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Well, I have completed my track layout, assembled on the floor, except for one manual switch to arrive next week.

A central piece of the design is a 45 degree crossing.

My engines run across it pretty well, except for my 0-4-0 switcher.  A really rough, choppy, sputtery ride.  To bad, since I wanted to primarily collect really small engines.

I guess there is nothing I can do about this electronically, to provide more even power?  (The straight sections are pretty long, with long plastic sections for rails in the center.)



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Adding a roller truck to the tender and a wire tether to the tender is an effective way to make sure you aren't loosing power at the loco.

You may as well do a ground tether as well on an 0-4-0.

Best is a roller, but shoes and "grinders" are pretty easy to fabricate too. Automotive feeler gauges work, so do bushing/spring& wide low profile mushroom head screw/nut; head down... etc. You want it as close to the wheels&bolster pivot as possible to track more on center in curves.


I started out all O27, to keep everything on a 4x8 table size.  Then I saw how much space there was inside the outer loop.  So, I replaced the inner track with O31, and the engines ran much better. Then I saw that I could also replace the entire outside loop and switches with 031, if I just increased the length of the table by 6 inches.  I did not need to increase the width because in O31 gauge, I still found that I had about 2 inches to spare on each side of the big oval track

Then I said, what the heck?   Just increase the table length by one foot, and the width by 6 inches, and give yourself plenty of room outside of the tracks of the big oval.  I have a very large basement, and plenty of room

So, that's what I have done.   My layout is now all O31, and my table dimensions will be 9ft x 4.5 ft (when I build it next week).

Last week, I traded all of my 027 track, and 4 Marx tin type manual 027 switches, and 2 Lionel plastic manual 027 switches, for  two good running 1970s Lionel  engines, and a 1033 transformer, and four Lionel cars with metal wheels and trucks, and a Lionel lighted caboose, so I more than got my money back.

So, . . . that's where I am.  :-)

I am waiting on one right hand switch in the mail, to fully complete the layout, and I will definitely post a picture of the layout (assembled on the basement floor) when I have it done.  I don't think there is any Wow factor in the layout  I designed, but it is an interesting design, with several options, and will be great for me and young kids.

Can't stand balky sputtering engines, so if can't get the little 0-4-0 Lionel switcher to run smoothly over the crossing, I will trade it away.

Adriatic,   After I put the layout on the board, I will follow your advice to try to get that Switcher running smoothly.





My personal experience is that tubular track, including O22-style postwar 31" diameter switches, etc., is bumpy.  Rolling stock "clomps" through them, you can see the trucks bouncing and pronounced movement of locomotive boilers, etc.  I never built a tubular layout with a 45-degree crossing so I can't speak about that piece specifically.  But I've used both Ross and Atlas track, and find their switches and crossings MUCH smoother.  I'll never build another layout with tubular if I can help it!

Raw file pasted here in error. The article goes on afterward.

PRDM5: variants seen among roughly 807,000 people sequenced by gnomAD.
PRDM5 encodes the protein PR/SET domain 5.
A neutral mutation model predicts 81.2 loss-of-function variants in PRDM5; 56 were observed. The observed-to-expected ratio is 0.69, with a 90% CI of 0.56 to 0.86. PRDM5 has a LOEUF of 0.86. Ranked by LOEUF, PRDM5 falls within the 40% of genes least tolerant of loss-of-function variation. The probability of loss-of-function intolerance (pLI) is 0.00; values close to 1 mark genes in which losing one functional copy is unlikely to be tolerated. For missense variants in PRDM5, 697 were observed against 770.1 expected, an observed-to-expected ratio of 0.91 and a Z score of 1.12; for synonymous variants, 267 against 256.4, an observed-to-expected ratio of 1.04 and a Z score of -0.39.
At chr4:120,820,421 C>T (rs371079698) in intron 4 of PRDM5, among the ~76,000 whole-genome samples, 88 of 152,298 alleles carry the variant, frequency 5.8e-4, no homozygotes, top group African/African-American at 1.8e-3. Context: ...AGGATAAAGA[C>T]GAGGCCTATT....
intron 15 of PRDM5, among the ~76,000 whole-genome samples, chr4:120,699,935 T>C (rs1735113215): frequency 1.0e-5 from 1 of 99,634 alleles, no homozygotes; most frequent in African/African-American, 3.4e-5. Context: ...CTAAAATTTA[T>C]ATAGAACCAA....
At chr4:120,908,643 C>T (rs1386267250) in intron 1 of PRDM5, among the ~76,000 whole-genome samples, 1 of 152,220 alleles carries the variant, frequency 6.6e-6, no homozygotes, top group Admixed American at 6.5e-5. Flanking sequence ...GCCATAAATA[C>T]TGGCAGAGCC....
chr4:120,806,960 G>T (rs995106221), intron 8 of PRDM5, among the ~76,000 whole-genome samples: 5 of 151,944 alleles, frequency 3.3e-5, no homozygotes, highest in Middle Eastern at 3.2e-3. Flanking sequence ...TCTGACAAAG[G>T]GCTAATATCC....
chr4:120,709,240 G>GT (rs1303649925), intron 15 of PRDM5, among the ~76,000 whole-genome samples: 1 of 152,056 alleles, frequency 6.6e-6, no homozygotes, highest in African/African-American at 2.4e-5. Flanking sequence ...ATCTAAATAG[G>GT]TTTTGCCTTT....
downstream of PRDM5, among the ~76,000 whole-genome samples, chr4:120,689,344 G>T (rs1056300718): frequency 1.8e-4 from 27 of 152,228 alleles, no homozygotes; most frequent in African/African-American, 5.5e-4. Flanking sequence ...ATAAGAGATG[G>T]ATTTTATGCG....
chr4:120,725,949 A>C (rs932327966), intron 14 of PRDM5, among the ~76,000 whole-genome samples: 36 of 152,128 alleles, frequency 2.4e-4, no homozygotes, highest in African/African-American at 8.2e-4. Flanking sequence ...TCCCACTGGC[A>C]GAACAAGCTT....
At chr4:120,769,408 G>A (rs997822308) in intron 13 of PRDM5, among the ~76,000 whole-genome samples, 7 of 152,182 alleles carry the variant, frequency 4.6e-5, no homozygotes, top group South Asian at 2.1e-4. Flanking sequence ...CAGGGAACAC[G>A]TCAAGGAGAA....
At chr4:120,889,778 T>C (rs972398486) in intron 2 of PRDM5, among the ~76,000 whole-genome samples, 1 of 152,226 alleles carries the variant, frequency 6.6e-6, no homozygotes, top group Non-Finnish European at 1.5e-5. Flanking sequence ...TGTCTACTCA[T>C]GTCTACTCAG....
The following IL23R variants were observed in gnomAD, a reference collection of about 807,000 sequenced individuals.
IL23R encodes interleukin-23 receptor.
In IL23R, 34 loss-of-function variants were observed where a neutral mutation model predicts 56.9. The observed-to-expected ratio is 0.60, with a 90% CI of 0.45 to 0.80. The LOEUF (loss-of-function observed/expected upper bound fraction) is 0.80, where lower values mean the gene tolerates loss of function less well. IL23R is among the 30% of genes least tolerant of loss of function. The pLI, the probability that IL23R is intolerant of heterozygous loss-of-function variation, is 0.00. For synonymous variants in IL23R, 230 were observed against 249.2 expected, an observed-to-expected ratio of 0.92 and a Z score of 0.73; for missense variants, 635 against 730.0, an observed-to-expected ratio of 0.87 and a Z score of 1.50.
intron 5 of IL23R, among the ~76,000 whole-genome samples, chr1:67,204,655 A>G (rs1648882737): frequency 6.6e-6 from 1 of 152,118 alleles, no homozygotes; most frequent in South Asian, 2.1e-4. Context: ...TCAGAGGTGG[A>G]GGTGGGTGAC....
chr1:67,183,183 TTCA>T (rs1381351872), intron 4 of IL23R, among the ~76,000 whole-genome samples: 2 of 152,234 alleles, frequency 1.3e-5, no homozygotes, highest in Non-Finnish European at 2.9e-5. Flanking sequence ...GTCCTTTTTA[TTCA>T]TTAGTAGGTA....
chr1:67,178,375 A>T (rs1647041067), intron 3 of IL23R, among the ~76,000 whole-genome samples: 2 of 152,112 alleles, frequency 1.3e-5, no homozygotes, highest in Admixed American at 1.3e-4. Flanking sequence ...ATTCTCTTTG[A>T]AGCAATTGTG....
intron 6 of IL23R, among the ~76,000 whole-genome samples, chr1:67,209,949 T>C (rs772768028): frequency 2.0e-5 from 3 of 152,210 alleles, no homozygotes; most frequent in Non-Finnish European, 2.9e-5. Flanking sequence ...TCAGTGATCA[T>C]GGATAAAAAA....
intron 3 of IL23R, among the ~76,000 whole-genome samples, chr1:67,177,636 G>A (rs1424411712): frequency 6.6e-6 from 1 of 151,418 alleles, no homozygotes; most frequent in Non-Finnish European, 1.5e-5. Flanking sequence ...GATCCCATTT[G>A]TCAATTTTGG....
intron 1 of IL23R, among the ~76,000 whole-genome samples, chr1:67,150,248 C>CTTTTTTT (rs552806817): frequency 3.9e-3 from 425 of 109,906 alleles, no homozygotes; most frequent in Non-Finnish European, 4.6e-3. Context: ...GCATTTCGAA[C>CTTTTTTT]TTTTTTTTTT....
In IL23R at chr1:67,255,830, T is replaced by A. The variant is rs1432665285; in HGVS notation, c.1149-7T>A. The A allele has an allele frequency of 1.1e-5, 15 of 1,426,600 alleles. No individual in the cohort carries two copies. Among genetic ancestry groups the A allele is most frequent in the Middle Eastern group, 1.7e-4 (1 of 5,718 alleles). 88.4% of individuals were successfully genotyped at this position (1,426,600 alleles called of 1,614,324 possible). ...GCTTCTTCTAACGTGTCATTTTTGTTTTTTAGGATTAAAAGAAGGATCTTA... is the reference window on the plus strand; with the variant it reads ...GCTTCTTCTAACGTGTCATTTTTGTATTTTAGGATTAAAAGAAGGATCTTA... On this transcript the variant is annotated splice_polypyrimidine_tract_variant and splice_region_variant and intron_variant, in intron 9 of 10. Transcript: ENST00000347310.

There are two issues- one is mechanical bouncing or snagging because the wheels fall into a gap in the rails.  The second one is loss of electrical continuity, causing the loco to hesitate or even stop if it's going slow enough.  Sometimes both of these issues happen at the same time.  For example, a wheel or pickup roller falls into a gap, creaing both a mechanical snag AND loss of power.  If it's just a loss of power that can often be addressed by adding ground wires, extra rollers, a tether to the tender or a trailing car.

A lot of people grew up with O22 switches and will defend them to the death.  I guess they're ok for some things.  But for my $.02, if you really want smooth operation, save your money for a newer track system.

Last edited by Ted S

It has only 4 wheels. Four. It can't levitate. Even real 0-4-0's rode roughly. Our model tolerances exaggerate the sight. If you want more smooth, you need more wheels. Early "lightweight" actual passenger cars on 4-wheel trucks rode less smoothly than the heavyweights with 6-wheel trucks that they replaced.

One problem with even an 0-6-0 in our 3RO world is that the center blind driver only intermittently actually touches the rail, so the 0-6-0 is a bit of an 0-4-0, itself.

Point taken on the tender. They might retain a box car, more likely a small flat car for safety and easy "reach-ins". You can add a pick up there the wire can stay underneath.   

It isn't an 0-4-0 necessarily either.  I'm not 100% sure though as a hydraulic/chain mechanical makes me want to stick with Wyhte .. It is a "B" configuration traction engine I think (diesel electric and not an cabless A)

Similarly,  I run a milk car, a second head end caboose (for easy reversing/run around), or mail car head end to let my GG-1 pull Broadway Limited cars on 0-27 without the GG-1 dragging cars wide (tight coupler knuckle in pockets =less swing; these cars have articulated coupler shafts & much better angles with the extra pivot.)

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